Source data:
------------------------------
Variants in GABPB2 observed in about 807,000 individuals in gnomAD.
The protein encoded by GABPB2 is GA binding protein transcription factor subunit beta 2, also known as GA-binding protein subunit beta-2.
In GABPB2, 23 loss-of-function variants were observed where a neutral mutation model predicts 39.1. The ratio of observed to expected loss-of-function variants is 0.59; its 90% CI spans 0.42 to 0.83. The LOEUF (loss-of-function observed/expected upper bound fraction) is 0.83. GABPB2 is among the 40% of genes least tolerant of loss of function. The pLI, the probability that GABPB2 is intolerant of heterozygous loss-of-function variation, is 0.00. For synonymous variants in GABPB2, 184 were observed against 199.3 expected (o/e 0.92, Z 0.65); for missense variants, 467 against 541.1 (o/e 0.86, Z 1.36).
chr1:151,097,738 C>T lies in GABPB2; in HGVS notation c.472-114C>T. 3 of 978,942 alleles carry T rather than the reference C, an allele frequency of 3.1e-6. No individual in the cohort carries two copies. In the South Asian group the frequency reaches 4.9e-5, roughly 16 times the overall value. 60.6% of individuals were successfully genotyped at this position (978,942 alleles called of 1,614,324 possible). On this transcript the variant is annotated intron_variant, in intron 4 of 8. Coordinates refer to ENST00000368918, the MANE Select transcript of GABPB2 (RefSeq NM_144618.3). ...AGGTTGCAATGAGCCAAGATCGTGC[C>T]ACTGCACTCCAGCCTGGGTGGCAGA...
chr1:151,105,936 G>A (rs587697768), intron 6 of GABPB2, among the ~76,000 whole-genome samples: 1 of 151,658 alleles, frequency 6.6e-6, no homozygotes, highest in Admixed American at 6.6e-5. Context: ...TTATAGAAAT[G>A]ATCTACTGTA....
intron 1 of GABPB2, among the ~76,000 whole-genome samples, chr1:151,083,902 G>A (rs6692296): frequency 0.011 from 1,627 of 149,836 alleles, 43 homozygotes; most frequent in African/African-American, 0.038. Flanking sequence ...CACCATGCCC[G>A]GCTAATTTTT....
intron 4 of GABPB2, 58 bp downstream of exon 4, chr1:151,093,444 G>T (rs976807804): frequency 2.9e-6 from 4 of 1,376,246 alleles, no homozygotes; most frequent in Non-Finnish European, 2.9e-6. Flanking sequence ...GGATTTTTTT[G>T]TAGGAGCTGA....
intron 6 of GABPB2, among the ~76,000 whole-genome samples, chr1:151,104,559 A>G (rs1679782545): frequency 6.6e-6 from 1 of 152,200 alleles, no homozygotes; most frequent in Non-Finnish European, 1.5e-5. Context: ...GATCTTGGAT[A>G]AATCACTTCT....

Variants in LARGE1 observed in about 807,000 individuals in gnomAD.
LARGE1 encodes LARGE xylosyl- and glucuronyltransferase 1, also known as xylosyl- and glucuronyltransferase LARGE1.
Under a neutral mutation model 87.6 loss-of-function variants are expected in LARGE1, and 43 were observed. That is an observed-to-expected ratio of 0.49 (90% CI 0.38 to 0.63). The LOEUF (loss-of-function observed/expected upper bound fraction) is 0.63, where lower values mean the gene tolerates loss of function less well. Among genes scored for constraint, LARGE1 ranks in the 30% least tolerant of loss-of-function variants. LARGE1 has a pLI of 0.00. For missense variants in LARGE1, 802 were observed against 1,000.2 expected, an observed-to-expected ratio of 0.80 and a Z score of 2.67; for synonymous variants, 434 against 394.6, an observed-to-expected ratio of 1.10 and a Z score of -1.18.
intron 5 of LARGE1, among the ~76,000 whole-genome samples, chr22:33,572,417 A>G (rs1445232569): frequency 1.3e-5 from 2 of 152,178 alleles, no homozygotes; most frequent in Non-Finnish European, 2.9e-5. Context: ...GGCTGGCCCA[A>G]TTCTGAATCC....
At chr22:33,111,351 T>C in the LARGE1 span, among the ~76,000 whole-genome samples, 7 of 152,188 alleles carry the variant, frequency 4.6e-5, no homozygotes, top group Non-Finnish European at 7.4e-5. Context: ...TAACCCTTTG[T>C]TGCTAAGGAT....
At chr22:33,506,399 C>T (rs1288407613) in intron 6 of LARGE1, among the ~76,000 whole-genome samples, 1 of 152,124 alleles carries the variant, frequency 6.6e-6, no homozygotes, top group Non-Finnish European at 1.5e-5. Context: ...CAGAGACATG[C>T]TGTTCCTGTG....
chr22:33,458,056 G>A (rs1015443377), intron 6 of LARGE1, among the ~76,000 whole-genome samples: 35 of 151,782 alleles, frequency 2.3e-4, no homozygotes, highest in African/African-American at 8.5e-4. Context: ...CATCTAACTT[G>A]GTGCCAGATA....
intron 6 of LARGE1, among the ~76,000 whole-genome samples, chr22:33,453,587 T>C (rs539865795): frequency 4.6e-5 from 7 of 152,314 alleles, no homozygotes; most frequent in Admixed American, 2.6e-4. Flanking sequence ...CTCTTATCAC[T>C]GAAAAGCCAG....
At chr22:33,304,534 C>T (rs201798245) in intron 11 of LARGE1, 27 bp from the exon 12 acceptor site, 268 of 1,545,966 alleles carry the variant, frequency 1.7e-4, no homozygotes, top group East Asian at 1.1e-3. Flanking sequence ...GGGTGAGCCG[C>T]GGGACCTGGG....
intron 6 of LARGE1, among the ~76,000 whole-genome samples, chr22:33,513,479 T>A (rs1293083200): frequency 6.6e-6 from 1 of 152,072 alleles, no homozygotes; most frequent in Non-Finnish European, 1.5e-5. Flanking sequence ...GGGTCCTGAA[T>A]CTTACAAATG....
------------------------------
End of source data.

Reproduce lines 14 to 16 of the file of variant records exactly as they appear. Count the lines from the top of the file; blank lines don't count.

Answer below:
At chr22:33,506,399 C>T (rs1288407613) in intron 6 of LARGE1, among the ~76,000 whole-genome samples, 1 of 152,124 alleles carries the variant, frequency 6.6e-6, no homozygotes, top group Non-Finnish European at 1.5e-5. Context: ...CAGAGACATG[C>T]TGTTCCTGTG....
chr22:33,458,056 G>A (rs1015443377), intron 6 of LARGE1, among the ~76,000 whole-genome samples: 35 of 151,782 alleles, frequency 2.3e-4, no homozygotes, highest in African/African-American at 8.5e-4. Context: ...CATCTAACTT[G>A]GTGCCAGATA....
intron 6 of LARGE1, among the ~76,000 whole-genome samples, chr22:33,453,587 T>C (rs539865795): frequency 4.6e-5 from 7 of 152,314 alleles, no homozygotes; most frequent in Admixed American, 2.6e-4. Flanking sequence ...CTCTTATCAC[T>C]GAAAAGCCAG....